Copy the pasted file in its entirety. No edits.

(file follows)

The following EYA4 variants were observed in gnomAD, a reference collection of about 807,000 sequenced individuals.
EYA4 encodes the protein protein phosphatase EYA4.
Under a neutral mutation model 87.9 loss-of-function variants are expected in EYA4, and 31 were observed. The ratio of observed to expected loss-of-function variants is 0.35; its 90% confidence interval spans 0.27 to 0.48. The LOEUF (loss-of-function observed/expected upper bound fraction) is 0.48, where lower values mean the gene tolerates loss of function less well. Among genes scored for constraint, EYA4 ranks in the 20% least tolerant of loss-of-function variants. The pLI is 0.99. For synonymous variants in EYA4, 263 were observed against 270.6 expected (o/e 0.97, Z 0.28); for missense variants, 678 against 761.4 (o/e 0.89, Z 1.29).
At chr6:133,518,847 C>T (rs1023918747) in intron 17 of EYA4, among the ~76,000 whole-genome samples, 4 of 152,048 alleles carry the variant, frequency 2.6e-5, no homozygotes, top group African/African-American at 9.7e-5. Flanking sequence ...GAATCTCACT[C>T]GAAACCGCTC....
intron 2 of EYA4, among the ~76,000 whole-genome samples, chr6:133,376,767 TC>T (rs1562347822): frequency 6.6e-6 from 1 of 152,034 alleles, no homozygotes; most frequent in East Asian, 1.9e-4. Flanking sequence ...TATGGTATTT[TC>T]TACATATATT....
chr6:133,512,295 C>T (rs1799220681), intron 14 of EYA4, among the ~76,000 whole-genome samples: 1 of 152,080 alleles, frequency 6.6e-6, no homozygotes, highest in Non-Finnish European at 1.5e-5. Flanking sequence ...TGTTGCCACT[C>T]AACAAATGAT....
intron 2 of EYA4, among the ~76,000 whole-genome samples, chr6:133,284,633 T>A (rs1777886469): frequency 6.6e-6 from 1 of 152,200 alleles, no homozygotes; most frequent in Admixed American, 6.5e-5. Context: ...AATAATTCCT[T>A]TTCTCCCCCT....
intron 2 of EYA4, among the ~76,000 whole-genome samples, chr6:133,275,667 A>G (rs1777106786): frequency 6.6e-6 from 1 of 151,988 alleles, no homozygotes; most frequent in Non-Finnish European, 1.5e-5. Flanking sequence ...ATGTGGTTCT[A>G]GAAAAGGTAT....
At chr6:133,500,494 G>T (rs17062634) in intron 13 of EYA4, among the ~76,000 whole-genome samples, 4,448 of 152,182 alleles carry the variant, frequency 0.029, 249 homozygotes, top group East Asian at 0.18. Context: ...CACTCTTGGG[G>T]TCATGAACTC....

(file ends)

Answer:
The following EYA4 variants were observed in gnomAD, a reference collection of about 807,000 sequenced individuals.
EYA4 encodes the protein protein phosphatase EYA4.
Under a neutral mutation model 87.9 loss-of-function variants are expected in EYA4, and 31 were observed. The ratio of observed to expected loss-of-function variants is 0.35; its 90% confidence interval spans 0.27 to 0.48. The LOEUF (loss-of-function observed/expected upper bound fraction) is 0.48, where lower values mean the gene tolerates loss of function less well. Among genes scored for constraint, EYA4 ranks in the 20% least tolerant of loss-of-function variants. The pLI is 0.99. For synonymous variants in EYA4, 263 were observed against 270.6 expected (o/e 0.97, Z 0.28); for missense variants, 678 against 761.4 (o/e 0.89, Z 1.29).
At chr6:133,518,847 C>T (rs1023918747) in intron 17 of EYA4, among the ~76,000 whole-genome samples, 4 of 152,048 alleles carry the variant, frequency 2.6e-5, no homozygotes, top group African/African-American at 9.7e-5. Flanking sequence ...GAATCTCACT[C>T]GAAACCGCTC....
intron 2 of EYA4, among the ~76,000 whole-genome samples, chr6:133,376,767 TC>T (rs1562347822): frequency 6.6e-6 from 1 of 152,034 alleles, no homozygotes; most frequent in East Asian, 1.9e-4. Flanking sequence ...TATGGTATTT[TC>T]TACATATATT....
chr6:133,512,295 C>T (rs1799220681), intron 14 of EYA4, among the ~76,000 whole-genome samples: 1 of 152,080 alleles, frequency 6.6e-6, no homozygotes, highest in Non-Finnish European at 1.5e-5. Flanking sequence ...TGTTGCCACT[C>T]AACAAATGAT....
intron 2 of EYA4, among the ~76,000 whole-genome samples, chr6:133,284,633 T>A (rs1777886469): frequency 6.6e-6 from 1 of 152,200 alleles, no homozygotes; most frequent in Admixed American, 6.5e-5. Context: ...AATAATTCCT[T>A]TTCTCCCCCT....
intron 2 of EYA4, among the ~76,000 whole-genome samples, chr6:133,275,667 A>G (rs1777106786): frequency 6.6e-6 from 1 of 151,988 alleles, no homozygotes; most frequent in Non-Finnish European, 1.5e-5. Flanking sequence ...ATGTGGTTCT[A>G]GAAAAGGTAT....
At chr6:133,500,494 G>T (rs17062634) in intron 13 of EYA4, among the ~76,000 whole-genome samples, 4,448 of 152,182 alleles carry the variant, frequency 0.029, 249 homozygotes, top group East Asian at 0.18. Context: ...CACTCTTGGG[G>T]TCATGAACTC....